Our Voices

RFK Human Rights Award Laureate brings LGBTQ+ activism, immigration rights together in life’s work

Robert F. Kennedy Human Rights’ 2024 Human Rights Award recipient Arely Westley, a trans-Latinx Honduran woman, knows well the fate of many of her sisters. She escaped from her native country of Honduras just two years after transgender activist Vicky Hernández was murdered on the streets of San Pedro Sula in 2009.

And yet, for Arely, a new life in the United States was fraught with difficulty, discrimination and inhumane treatment.

“I was a trans person, an undocumented person, who spoke little English at first,” Arely, now a Campaign Director at BreakOUT!, a New Orleans-based organization advocating for LGBTQ+ youth impacted by the criminal and juvenile justice system. “There were many things I was carrying on my back at the same time.”

Charged with low-level controlled substance and illegal re-entry charges, Arely was held in both criminal and immigration detention.

In 2022, while detained at the Central Louisiana ICE Processing Center in Louisiana after seeking health care, Arely was placed in solitary confinement due solely to her identity as a transgender woman and was denied hormonal therapy.

“They tried to convince me to sign paperwork saying I had requested to be in isolation. I refused – I knew my rights,” she recalled in a recent interview with Robert F. Kennedy Human Rights. “As humans, we are not designed to be in cages,” she said, describing the brutal experience as lacking in access to basic hygiene and edible food, “sleeping and eating next to a toilet. It takes you three to four days to see a nurse if you are ill.” Her experience in prison helped her bring together advocacy work in two historically separate arenas – for LGBTQ+ youth and for immigration advocacy.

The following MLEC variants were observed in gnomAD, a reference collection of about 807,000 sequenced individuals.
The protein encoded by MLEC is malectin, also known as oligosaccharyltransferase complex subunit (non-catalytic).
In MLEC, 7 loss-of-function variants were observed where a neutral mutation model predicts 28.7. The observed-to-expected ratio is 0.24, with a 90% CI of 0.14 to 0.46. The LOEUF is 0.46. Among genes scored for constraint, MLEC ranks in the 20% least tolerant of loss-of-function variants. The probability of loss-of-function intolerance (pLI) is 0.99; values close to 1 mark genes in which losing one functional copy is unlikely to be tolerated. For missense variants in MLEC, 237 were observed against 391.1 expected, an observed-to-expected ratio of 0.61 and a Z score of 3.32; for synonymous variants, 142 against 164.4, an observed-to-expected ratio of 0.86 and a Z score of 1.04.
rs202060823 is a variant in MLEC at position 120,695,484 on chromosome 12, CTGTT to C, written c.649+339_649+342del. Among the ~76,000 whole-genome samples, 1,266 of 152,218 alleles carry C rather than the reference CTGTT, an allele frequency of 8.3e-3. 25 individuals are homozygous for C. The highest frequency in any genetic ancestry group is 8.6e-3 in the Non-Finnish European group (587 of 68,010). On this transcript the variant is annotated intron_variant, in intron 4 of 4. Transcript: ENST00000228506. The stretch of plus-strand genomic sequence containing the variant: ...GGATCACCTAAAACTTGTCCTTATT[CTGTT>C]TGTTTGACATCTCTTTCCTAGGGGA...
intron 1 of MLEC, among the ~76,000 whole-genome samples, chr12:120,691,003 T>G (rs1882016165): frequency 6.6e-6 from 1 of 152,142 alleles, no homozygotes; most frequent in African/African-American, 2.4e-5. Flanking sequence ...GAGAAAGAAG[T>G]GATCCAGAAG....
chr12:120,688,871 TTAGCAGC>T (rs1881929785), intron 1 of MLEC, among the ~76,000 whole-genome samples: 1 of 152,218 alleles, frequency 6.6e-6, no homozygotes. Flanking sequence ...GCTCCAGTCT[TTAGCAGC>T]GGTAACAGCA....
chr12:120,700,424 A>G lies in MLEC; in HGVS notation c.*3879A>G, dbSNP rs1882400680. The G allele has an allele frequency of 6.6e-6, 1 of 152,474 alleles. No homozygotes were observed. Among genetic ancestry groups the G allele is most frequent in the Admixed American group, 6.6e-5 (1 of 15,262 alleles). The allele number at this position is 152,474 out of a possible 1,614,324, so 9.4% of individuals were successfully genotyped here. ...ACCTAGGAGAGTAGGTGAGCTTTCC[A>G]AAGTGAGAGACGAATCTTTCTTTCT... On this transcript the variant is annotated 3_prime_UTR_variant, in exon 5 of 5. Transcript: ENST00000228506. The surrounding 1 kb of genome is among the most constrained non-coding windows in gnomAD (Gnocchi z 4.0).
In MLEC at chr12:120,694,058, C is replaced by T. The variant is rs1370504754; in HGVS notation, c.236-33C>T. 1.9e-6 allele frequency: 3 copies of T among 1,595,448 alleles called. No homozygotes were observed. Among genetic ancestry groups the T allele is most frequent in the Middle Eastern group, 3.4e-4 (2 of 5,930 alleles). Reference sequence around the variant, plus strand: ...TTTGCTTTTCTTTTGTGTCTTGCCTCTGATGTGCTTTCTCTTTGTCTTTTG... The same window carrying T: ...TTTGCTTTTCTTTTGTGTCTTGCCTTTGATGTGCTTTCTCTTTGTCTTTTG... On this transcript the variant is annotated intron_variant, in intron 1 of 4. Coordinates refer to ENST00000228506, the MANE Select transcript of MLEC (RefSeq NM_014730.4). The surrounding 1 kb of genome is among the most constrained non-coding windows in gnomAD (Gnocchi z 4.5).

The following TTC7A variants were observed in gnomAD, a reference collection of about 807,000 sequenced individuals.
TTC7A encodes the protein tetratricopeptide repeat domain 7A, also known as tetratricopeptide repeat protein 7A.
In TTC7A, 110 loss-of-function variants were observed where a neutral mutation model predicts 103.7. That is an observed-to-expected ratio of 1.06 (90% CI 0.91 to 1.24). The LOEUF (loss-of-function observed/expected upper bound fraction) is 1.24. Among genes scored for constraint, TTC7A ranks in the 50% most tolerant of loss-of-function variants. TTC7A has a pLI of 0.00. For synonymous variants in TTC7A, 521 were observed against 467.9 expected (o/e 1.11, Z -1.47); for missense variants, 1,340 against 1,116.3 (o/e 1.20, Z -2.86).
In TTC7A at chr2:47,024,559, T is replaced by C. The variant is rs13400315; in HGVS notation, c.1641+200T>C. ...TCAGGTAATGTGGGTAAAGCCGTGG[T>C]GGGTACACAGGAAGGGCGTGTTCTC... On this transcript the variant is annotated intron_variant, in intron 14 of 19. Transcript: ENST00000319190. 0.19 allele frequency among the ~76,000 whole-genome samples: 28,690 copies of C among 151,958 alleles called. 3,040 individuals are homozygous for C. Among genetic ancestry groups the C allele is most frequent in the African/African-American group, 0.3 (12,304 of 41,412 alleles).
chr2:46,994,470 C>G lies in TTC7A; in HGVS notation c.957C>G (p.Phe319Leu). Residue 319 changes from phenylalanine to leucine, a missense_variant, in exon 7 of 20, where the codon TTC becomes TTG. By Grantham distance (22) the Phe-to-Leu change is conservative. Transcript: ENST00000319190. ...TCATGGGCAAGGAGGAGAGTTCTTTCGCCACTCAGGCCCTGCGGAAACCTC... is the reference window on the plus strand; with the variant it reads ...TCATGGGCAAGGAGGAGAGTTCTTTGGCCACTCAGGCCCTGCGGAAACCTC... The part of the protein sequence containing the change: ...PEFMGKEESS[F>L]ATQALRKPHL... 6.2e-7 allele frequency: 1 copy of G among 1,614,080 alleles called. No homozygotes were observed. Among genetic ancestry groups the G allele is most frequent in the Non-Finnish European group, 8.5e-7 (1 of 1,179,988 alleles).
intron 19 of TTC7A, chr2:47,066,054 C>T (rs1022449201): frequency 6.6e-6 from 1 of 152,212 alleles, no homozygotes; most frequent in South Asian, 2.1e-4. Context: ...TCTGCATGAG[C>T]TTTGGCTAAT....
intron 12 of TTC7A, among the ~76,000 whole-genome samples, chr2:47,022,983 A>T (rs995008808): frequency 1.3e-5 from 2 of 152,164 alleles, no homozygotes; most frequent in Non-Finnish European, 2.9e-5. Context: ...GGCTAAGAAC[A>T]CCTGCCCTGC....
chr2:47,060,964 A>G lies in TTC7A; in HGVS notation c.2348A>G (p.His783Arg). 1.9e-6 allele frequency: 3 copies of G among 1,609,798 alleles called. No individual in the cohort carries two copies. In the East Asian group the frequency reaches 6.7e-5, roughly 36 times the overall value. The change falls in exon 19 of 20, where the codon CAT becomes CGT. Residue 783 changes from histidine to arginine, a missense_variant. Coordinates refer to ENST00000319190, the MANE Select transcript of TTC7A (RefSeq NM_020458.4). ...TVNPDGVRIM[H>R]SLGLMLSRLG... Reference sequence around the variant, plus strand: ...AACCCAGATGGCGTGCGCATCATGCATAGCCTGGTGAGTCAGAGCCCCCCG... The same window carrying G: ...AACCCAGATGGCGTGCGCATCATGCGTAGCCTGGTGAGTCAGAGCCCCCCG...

“I did not think of this as my life’s plan at the time,” she said. “But it all came together after I began to advocate for myself. Once I started the work, my whole life changed, seeing the resilience of Black people, of Latinx people, of trans people.”

At BreakOUT!, Arely expands Latinx LGBTQ+ participation in youth organizing, healing justice, and leadership development programs. She has also served on boards and engaged in consultancy work with organizations dedicated to immigrant and LGBTQ+ rights, including the Southeast Dignity Not Detention Coalition, Home is Here, and Creating Change.

At the Southeast Dignity Not Detention Coalition, Arely has been a leading voice in the coalition’s work to shut down immigration detention centers in Louisiana, the state with the second-highest concentration of immigration detention centers in the country. At Home is Here, a grassroots nonprofit organization with a mission to cultivate community-based systems of support with newly arrived immigrants in the Gulf South, Arely regularly drives four hours to visit the same detention center where she was held and provides detained people with know-your-rights information and newly released people with access to wrap-around support services. And in recognition of her work as a leading advocate for LGBTQ+ youth, Arely was invited to participate as an ambassador at the annual Creating Change conference, where she helped plan the nation’s foremost political, leadership, and skills-building conference for the LGBTQ+ movement.

At a precarious political time for the United States, Arely calls on the nation’s leaders to spend face time at the nation’s detention centers. “We need to invite people who have the power, who want to implement (and perpetuate) discriminatory (immigration) laws, to see we don’t have access to healthcare, put in isolation, without access to anything. We’re here seeking asylum, and the opportunity to be safe in a country,” she said.

As the 41st RFK Human Rights Award Laureate, Arely says “this award doesn’t only belong to me, but to my Black and Latina sisters. And to those who are fighting every day for freedom and equality in the country. This is not work I do by myself.”

What better way, she said to honor Vicky Hernández’ name “is to call out the people who have (been abusing) their power. To keep pushing and fighting to make sure we are trying to stop this from ever happening again.”

Celebrate Arely Westley with us in Washington, D.C. on June 6. Learn more and register for the 2024 Human Rights Award ceremony today.